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Artists Transform Old Warehouse Slated For Demolition In Bozeman

Chris Fraser's installation in progress for Tinworks Art in Bozeman, July 2019.
Courtesy of Chris Fraser
Chris Fraser's installation in progress for Tinworks Art in Bozeman, July 2019.

With an old warehouse slated to be torn down in Bozeman’s historic northeastern neighborhood, a temporary, pop-up art installation aims to celebrate the space and test whether Bozeman would support a permanent art museum.

Across the street from a new hair salon and condos, overgrown shrubs and an old chain link fence wrap around Tinworks Warehouse. Its steel sides look like acid-washed jeans. 

Chris Fraser, an Oakland-based artist, is waiting at the entrance as it starts to rain.

Rachel Cramer: Shall we walk into the space and see?

Chris Fraser: Yeah, let’s do it.

RC: Wow, it looks like the night sky. 

Fraser and his team of assistants spent several weeks drilling about 10,000 tiny holes in the roof of one of the rooms. The light from the cloudy sky outside has transformed it into a dizzying constellation. 

“When you start walking through, the rafters above actually start to flick the individual pinholes on and off and it starts to feel like everything’s twinkling up there,” says Fraser.

The experience is completely different when it’s sunny. The pinholes project images from the sky outside onto the floor and walls, and it changes depending on the time of day and weather.

Fraser is one of four visual artists and three performance artists selected for Tinworks Art, a pop-up art installation at the warehouse. It’s free and open to the public, Fridays and Saturdays until August 17th. 

“Usually you do an exhibition, and the people putting on the show expect you to put the space back together when you’re finished. And there’s absolutely no way I could do that here. It’s kind of fun knowing that the last life of a building is sort of, passes through me. It’s an honor,” Fraser says.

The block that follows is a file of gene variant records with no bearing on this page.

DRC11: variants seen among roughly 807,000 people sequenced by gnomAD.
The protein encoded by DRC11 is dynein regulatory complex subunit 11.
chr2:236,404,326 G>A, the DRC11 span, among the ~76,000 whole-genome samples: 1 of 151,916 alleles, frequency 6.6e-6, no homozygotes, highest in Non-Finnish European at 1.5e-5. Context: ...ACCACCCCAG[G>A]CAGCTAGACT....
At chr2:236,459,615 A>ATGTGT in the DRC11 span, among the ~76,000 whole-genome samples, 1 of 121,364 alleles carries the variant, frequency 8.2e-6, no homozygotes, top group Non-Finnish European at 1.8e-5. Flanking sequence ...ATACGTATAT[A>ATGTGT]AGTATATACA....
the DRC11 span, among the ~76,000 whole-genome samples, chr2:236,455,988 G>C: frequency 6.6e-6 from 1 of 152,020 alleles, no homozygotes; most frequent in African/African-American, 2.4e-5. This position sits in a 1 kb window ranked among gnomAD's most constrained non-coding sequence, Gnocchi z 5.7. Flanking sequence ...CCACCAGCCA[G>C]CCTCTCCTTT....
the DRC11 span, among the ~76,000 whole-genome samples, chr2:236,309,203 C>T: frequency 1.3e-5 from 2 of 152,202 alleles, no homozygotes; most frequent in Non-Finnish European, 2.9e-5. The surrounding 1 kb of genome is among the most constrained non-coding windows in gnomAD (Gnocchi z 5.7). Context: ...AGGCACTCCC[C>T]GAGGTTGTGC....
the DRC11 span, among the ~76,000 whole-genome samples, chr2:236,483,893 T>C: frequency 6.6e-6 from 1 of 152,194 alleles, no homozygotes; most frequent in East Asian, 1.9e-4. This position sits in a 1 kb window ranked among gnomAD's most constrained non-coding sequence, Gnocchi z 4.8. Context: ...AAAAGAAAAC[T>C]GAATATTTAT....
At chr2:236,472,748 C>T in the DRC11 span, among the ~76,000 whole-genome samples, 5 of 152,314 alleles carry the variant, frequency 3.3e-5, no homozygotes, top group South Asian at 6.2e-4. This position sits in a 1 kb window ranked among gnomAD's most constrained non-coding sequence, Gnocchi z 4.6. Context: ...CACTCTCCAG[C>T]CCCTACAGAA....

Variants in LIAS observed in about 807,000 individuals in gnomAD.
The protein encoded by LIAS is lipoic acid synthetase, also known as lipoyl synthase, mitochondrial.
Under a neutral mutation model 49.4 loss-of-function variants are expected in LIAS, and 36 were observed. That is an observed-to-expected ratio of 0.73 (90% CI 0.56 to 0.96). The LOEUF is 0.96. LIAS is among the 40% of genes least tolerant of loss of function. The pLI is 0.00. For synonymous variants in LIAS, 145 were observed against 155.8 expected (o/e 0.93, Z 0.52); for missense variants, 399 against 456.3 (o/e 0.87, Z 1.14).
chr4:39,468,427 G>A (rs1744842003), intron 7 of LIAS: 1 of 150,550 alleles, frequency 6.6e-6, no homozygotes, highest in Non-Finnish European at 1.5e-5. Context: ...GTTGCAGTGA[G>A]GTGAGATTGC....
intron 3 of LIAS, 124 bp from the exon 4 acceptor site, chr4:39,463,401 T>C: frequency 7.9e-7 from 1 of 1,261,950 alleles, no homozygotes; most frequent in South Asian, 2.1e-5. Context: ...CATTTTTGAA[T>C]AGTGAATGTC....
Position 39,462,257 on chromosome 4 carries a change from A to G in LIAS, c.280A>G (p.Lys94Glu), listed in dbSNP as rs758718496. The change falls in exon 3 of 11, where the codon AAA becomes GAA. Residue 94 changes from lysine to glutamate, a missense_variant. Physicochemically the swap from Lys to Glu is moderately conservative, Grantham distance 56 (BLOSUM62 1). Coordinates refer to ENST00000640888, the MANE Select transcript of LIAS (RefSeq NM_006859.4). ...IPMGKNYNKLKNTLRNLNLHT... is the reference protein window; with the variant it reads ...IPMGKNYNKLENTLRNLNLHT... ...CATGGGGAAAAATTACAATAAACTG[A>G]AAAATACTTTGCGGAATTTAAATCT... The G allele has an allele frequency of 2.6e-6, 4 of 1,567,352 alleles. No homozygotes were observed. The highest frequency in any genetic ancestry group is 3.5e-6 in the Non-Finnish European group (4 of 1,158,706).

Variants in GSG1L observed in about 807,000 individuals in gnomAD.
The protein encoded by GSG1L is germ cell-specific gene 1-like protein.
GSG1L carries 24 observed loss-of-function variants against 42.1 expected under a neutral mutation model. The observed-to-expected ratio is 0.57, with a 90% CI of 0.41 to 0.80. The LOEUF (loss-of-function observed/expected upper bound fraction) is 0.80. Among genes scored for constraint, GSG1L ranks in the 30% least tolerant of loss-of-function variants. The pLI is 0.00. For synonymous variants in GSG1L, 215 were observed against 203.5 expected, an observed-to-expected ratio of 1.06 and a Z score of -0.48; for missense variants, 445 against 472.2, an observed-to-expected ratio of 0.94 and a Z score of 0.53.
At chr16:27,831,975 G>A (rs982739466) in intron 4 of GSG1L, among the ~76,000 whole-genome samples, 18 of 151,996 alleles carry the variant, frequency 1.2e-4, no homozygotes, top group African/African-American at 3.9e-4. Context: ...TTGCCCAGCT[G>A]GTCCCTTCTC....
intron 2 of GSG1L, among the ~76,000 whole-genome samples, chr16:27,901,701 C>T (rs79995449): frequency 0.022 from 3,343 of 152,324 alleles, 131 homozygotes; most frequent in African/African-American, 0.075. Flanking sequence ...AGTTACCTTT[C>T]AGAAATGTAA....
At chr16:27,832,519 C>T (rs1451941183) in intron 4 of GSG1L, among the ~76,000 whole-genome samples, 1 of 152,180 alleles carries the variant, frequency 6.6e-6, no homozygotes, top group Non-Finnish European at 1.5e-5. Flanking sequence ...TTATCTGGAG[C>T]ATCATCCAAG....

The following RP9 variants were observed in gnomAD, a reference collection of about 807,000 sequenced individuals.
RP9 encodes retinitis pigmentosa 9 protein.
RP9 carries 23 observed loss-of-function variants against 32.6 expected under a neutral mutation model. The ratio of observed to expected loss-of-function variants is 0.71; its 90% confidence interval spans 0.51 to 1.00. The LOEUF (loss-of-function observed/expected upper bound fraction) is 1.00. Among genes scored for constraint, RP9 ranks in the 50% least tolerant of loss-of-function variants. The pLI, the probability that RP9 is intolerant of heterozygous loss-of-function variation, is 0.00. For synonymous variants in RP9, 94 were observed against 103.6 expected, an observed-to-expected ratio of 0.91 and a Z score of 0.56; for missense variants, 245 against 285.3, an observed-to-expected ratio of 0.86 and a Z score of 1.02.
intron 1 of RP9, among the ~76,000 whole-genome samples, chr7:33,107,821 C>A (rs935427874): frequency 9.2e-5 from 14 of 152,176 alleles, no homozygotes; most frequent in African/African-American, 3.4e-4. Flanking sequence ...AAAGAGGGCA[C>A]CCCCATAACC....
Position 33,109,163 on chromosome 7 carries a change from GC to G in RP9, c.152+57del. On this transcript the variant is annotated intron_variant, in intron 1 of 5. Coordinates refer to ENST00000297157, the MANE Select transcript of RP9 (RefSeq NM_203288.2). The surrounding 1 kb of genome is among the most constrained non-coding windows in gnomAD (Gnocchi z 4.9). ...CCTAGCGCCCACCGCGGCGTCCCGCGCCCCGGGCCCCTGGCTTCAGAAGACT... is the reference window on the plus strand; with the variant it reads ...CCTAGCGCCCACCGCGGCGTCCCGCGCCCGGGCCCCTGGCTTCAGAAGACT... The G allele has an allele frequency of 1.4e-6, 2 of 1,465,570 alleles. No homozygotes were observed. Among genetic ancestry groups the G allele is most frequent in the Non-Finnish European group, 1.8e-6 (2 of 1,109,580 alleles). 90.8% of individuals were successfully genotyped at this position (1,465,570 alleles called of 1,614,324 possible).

The building will be torn down this fall to make way for a new multi-use development with housing, office and retail space, artist studios and parking. It represents what some locals call gentrification and others call opportunity in a neighborhood that used to be considered the blue-collar side of Bozeman

Eli Ridgway is a trustee with Story Mill Art, the non-profit that organized Tinworks Art.

“Our goal is to provide contemporary art experiences in unexpected spaces and older spaces," says Ridgway. "I think there’s something really powerful and beautiful about those opportunities.”

Ridgway says Tinworks used to house metal-working and roofing companies. During World War II, it stored metal collected for the war effort. He says this pop-up art installation is a way to celebrate the space and bring art to the public. 

Billings, Missoula, Helena, Kalispell, Miles City and Great Falls all have art museums, and Story Mill Art thinks Bozeman is ready for one, as well. Ridgway says his organization has been looking for an appropriate space in the northeastern neighborhood.

“It’s a value of ours to rehabilitate older spaces so we wouldn’t want to buy an empty property on the outside of town. We’d really like to find an older structure to work with and rehab and embrace the character that comes with a space like that,” says Ridgway.

Story Mill Art had identified a historic flour mill that went out of operation in the 1960s as a possibility, but a spokesperson said cost-wise, it doesn’t make sense right now.

The organization will try to figure out next steps for the art museum after Tinworks Art wraps up mid-August.